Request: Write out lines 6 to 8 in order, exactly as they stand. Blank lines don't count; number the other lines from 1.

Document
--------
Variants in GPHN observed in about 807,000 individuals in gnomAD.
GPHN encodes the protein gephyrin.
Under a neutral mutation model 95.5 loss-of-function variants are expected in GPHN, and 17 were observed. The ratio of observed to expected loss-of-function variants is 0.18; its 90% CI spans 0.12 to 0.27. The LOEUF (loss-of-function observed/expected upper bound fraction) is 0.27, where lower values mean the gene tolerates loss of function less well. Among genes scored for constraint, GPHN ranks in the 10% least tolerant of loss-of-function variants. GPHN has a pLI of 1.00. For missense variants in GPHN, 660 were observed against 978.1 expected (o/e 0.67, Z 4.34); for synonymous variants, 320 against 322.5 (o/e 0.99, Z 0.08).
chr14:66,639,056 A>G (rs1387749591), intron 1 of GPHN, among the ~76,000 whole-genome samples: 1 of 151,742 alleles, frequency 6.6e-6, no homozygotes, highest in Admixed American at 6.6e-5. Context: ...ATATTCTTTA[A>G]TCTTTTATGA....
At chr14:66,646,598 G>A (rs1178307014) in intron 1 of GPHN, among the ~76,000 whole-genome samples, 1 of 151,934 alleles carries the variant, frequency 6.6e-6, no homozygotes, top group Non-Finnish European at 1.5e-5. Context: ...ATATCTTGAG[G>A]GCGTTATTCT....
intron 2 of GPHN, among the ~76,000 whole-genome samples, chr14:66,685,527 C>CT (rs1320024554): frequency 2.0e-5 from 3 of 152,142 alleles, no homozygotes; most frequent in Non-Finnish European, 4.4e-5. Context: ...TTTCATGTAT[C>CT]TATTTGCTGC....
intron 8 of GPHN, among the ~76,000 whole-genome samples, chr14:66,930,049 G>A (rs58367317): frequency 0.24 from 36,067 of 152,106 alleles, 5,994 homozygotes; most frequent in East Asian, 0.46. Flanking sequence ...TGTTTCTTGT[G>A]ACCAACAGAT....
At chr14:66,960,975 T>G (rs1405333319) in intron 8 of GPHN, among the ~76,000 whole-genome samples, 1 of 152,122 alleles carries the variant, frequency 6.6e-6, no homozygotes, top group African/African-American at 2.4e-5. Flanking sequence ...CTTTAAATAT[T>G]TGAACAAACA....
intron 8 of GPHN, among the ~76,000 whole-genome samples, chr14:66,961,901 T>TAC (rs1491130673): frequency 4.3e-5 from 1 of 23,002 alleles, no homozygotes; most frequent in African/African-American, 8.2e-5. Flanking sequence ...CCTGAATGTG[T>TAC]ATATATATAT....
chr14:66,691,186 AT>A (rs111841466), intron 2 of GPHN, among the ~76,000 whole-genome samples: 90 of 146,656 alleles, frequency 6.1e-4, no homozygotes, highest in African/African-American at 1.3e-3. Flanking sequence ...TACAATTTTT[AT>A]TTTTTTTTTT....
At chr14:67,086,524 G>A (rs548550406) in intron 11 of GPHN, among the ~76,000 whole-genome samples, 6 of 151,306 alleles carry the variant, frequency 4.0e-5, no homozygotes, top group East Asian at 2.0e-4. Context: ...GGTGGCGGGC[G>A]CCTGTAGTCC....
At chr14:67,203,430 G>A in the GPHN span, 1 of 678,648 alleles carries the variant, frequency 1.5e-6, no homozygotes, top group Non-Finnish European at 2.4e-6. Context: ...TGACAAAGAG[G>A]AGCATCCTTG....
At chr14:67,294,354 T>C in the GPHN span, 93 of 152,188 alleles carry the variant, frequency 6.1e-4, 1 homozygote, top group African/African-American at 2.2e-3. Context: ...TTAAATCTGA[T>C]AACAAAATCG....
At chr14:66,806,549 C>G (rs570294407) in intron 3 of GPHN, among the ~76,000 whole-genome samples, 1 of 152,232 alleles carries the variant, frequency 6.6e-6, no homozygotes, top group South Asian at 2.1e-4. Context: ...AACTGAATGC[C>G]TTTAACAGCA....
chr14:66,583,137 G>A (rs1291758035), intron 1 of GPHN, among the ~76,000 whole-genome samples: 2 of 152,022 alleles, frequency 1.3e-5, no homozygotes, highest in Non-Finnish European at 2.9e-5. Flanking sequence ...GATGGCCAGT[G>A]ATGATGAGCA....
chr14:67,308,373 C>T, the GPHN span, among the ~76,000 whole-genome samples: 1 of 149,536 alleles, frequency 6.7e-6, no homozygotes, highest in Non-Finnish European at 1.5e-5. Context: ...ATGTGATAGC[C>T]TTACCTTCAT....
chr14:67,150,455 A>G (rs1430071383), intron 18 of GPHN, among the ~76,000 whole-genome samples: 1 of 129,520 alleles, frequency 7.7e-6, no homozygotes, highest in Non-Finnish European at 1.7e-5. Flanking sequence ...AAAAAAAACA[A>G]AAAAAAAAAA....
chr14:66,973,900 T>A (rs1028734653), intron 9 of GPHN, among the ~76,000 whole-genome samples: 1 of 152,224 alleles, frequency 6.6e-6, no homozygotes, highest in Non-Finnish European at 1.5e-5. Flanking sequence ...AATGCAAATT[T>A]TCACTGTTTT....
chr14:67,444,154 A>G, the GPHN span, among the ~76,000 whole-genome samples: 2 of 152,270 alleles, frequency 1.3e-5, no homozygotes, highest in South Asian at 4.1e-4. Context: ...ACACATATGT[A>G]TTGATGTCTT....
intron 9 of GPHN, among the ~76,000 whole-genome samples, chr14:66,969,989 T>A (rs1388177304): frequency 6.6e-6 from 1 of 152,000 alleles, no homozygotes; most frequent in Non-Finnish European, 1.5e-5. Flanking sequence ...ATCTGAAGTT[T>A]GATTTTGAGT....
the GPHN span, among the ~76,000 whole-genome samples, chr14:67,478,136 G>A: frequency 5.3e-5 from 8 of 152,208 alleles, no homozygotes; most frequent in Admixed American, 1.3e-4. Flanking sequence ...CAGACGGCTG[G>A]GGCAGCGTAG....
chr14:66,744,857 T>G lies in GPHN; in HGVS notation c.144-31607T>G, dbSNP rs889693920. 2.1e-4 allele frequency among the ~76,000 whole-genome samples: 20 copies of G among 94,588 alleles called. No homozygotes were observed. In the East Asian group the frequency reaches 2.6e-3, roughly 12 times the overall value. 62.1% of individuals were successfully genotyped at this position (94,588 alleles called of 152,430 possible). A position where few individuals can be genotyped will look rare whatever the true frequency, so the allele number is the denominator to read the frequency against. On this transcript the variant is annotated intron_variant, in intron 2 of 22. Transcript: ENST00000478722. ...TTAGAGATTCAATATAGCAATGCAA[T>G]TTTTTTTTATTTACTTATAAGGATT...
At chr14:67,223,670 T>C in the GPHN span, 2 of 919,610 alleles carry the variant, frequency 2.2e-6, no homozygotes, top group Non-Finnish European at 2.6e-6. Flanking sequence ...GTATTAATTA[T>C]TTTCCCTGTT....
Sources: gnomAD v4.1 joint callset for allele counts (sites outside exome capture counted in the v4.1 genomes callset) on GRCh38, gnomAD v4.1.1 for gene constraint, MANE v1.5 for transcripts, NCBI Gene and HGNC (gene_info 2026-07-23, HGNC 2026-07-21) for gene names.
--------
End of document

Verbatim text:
intron 2 of GPHN, among the ~76,000 whole-genome samples, chr14:66,685,527 C>CT (rs1320024554): frequency 2.0e-5 from 3 of 152,142 alleles, no homozygotes; most frequent in Non-Finnish European, 4.4e-5. Context: ...TTTCATGTAT[C>CT]TATTTGCTGC....
intron 8 of GPHN, among the ~76,000 whole-genome samples, chr14:66,930,049 G>A (rs58367317): frequency 0.24 from 36,067 of 152,106 alleles, 5,994 homozygotes; most frequent in East Asian, 0.46. Flanking sequence ...TGTTTCTTGT[G>A]ACCAACAGAT....
At chr14:66,960,975 T>G (rs1405333319) in intron 8 of GPHN, among the ~76,000 whole-genome samples, 1 of 152,122 alleles carries the variant, frequency 6.6e-6, no homozygotes, top group African/African-American at 2.4e-5. Flanking sequence ...CTTTAAATAT[T>G]TGAACAAACA....